Watching an hour of television at night makes me feel sick. There. I said it out loud. It’s not the programming so much as it’s the Big Pharma ads during the programs.
If they’re to be believed, every single person struggling with one disease or another is well, frankly, living their best lives. If these ads are to be believed, (and trust me, they want us to believe them), people struggling with every ailment from psoriatic arthritis to type 2 diabetes to metastatic breast cancer are having more adventurous and robust lives than any healthy person could dream of having.
They travel to find their roots despite the threat of Afib. They sing in choirs, go kayaking, swim what looks like The English Channel; do cannonballs into pools, hike trails and mountains and run playfully through fields of flowers; they are fishermen/women; they’re singlehandedly remodeling homes and generally living as the life of the party.
Jeez. How is being dreadfully sick portrayed as more fun than being well?
Look, I get it. We no longer say we are winning the battle against cancer or any other disease so we call people with these perfectly awful diseases as “thrivers.” I have to say this term completely sets me off. I don’t think that people struggling with disease should cower under blankets and give up, but can we please stop glamorizing illness in service of selling us yet another drug with side effects as brutal or worse than the disease?
Big Pharma tells us not to worry about staying healthy. Don’t worry about healthy eating and living. They have our backs. If you get seriously ill, there will be a pill or injection to help you out so you can continue zip lining on weekends…you know…thriving. Maybe they are just telling us to live in the moment, but as a cancer survivor, you want more than the moment; you want your life and you want to be free of disease.
A wise medical expert friend of mine once told me that I would be shocked at how much money was spent to suppress information on the impact of healthy eating to prevent and even treat disease. I guess it makes sense. There’s a lot of money to be made on illness and disease. From insurance companies to pharmaceutical giants, there’s a big investment in Americans’ ongoing collective struggle with lifestyle diseases.
And yet, we do need medicine and medical experts. I don’t negate that need for one moment. We are living in a pandemic, a global viral pandemic. We need medical experts to help those in dire need. We need answers to this problem that only science can give us so we know how to move forward as a global community.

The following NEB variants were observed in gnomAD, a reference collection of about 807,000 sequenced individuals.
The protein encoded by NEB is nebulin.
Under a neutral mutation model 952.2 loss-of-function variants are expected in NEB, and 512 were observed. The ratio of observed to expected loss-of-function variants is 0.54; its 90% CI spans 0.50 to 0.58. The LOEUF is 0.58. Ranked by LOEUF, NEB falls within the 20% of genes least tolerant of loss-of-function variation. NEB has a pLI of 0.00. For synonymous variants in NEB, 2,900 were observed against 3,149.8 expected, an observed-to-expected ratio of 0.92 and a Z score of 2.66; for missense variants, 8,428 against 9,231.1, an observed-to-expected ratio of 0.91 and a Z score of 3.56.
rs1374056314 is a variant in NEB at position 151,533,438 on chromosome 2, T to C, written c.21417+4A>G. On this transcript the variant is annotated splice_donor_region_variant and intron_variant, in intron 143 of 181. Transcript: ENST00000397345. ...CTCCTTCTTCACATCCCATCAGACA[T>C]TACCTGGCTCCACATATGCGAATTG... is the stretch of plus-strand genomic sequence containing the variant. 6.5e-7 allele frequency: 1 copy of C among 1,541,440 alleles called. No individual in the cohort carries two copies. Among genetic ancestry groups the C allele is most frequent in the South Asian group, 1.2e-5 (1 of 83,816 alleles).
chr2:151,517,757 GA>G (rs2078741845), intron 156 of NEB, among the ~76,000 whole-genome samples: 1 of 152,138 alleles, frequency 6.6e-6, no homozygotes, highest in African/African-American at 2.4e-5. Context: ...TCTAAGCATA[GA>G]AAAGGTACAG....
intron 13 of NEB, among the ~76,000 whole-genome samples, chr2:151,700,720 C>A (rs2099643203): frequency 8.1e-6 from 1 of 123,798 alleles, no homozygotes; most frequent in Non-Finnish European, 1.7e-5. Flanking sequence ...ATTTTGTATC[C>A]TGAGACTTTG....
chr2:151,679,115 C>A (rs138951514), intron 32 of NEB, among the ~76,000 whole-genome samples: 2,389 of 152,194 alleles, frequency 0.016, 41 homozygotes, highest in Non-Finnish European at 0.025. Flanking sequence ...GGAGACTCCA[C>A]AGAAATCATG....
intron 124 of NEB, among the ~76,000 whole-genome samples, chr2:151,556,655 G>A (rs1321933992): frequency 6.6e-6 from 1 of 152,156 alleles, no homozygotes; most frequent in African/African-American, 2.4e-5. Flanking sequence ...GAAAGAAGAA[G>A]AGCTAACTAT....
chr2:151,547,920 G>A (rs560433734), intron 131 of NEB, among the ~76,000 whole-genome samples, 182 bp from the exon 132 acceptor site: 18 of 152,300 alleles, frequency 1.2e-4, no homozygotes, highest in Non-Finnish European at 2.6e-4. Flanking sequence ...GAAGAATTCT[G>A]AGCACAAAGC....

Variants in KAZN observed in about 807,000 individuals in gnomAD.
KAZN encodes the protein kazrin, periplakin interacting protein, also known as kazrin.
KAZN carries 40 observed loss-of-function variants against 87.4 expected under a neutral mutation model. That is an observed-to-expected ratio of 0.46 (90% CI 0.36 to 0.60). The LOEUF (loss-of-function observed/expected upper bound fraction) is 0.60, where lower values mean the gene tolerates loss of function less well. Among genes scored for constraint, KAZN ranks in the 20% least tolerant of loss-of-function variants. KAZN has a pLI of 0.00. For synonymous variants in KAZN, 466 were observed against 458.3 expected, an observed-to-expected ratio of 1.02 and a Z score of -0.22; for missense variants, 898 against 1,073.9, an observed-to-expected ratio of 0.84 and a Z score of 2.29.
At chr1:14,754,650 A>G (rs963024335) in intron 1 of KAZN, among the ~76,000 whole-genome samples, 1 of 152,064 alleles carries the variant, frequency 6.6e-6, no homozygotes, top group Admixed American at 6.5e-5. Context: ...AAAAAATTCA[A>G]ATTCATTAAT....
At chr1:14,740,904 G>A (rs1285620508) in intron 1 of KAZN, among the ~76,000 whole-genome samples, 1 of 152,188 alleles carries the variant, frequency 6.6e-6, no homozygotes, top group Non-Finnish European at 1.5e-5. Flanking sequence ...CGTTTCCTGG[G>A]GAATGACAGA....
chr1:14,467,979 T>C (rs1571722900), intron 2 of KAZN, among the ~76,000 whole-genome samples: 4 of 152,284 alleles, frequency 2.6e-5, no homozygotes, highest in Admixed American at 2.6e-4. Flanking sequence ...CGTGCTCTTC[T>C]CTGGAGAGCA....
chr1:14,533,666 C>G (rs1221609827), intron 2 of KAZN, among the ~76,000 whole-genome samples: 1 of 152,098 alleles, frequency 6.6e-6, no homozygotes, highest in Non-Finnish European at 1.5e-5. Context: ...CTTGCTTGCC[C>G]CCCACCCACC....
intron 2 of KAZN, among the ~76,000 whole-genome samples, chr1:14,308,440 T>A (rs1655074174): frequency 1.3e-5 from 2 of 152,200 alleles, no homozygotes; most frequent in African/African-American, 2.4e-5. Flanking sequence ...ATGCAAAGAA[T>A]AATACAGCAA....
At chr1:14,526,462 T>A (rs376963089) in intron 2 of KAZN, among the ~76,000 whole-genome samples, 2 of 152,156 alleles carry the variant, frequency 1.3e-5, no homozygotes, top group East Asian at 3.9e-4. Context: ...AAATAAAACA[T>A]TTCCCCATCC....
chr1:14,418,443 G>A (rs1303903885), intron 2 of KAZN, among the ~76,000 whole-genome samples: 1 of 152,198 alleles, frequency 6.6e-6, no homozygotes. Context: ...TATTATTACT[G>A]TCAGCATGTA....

We also need to do our part. If we have learned anything during this pandemic, it’s that no one is going to care for our day to day ability to fight disease but us.
Dr Dariush Mozaffarian, a cardiologist at Tuft’s University and a nutrition expert said that 88% of Americans are metabolically unfit to fight off infection. He said that until we address the role diet (and exercise) plays in our compromised immune function, all the vaccines in the world won’t rid of this modern-day plague.
That should wake us up, big time. Simply put, if we made healthier food choices and moved our bodies just a little, we would stand a greater chance of fighting off infection. Nothing is an ironclad guarantee that Covid won’t infect us, but wouldn’t you want to give yourself every advantage to stay well?
And one other thing. Am I the only person who hears the breathy disclaimer that almost always states that use of this or that drug can inhibit the body’s ability to fight infection? Do you know what that means…now more than ever? And yes, before you yell at me, I know that people need medications from time to time to support them through a health crisis. And yes, medicine can be a blessing. We must use it wisely and not as a substitute for taking care of ourselves.
I get it. I don’t know about you, but there are days when I grieve for a life that feels diminished. Some of us are out of work and some of us are working around the clock to keep society functioning, putting their lives at risk daily. Still others are simply exhausted, spent by the relentless onslaught of bad news and unreliable opinion from various pundits. We are dealing with loneliness, family strife, duty, anxiety and the virus itself.
Life is hard now on the best of days. We’re weary and irritable.
But do we think for one minute that zonking out on the couch with a bag of chips or cookies will solve this? We don’t get to check out this time. We must fight for our lives. WE must fight for our lives.
So we cook. We don’t order take out every night under the guise of nobly supporting the restaurant industry. We must cook foods that will support our bodies’ immune function in these stressful times. We must cook to feel better and to help our loved ones feel better. We cook to get along in life.
White flour, white sugar, processed foods, animal products, soda, chips and other junk food will leave us feeling lethargic, bloated, depressed. ..and terrified. And while we have every right to feel terrified, we can be strong and terrified just as easily as weak and terrified.
I choose strong.
Remember that there’s comfort food and food that comforts us by knowing we are doing all we can to stay well during this uncertain time.
Even if we begin cooking in exhaustion, it will end in satisfaction and maybe even joy as the food we serve nourishes those we love in a way that helps them fight off infection. It’s not everything, but it’s what we can do to proactively support our wellness.
We must eat as though all life matters and fight for our lives as we never have before. And the battle begins in the kitchen with what you choose to eat.